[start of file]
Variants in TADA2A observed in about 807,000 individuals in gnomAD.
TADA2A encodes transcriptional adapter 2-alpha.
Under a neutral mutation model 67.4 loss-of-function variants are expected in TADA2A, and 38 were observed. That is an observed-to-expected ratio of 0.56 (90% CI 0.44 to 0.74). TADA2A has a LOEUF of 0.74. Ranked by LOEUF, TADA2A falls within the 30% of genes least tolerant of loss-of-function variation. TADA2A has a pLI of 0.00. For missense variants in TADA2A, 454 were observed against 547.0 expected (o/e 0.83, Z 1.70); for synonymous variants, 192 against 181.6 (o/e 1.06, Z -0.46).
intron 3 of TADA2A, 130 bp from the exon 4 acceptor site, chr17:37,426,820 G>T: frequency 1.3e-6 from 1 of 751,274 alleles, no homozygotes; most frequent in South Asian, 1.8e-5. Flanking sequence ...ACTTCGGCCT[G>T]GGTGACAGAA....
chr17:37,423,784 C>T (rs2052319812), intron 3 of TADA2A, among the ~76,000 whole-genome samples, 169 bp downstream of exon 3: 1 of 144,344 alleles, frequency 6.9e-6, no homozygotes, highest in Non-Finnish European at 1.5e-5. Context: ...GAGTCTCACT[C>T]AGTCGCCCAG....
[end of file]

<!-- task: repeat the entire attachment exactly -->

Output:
Variants in TADA2A observed in about 807,000 individuals in gnomAD.
TADA2A encodes transcriptional adapter 2-alpha.
Under a neutral mutation model 67.4 loss-of-function variants are expected in TADA2A, and 38 were observed. That is an observed-to-expected ratio of 0.56 (90% CI 0.44 to 0.74). TADA2A has a LOEUF of 0.74. Ranked by LOEUF, TADA2A falls within the 30% of genes least tolerant of loss-of-function variation. TADA2A has a pLI of 0.00. For missense variants in TADA2A, 454 were observed against 547.0 expected (o/e 0.83, Z 1.70); for synonymous variants, 192 against 181.6 (o/e 1.06, Z -0.46).
intron 3 of TADA2A, 130 bp from the exon 4 acceptor site, chr17:37,426,820 G>T: frequency 1.3e-6 from 1 of 751,274 alleles, no homozygotes; most frequent in South Asian, 1.8e-5. Flanking sequence ...ACTTCGGCCT[G>T]GGTGACAGAA....
chr17:37,423,784 C>T (rs2052319812), intron 3 of TADA2A, among the ~76,000 whole-genome samples, 169 bp downstream of exon 3: 1 of 144,344 alleles, frequency 6.9e-6, no homozygotes, highest in Non-Finnish European at 1.5e-5. Context: ...GAGTCTCACT[C>T]AGTCGCCCAG....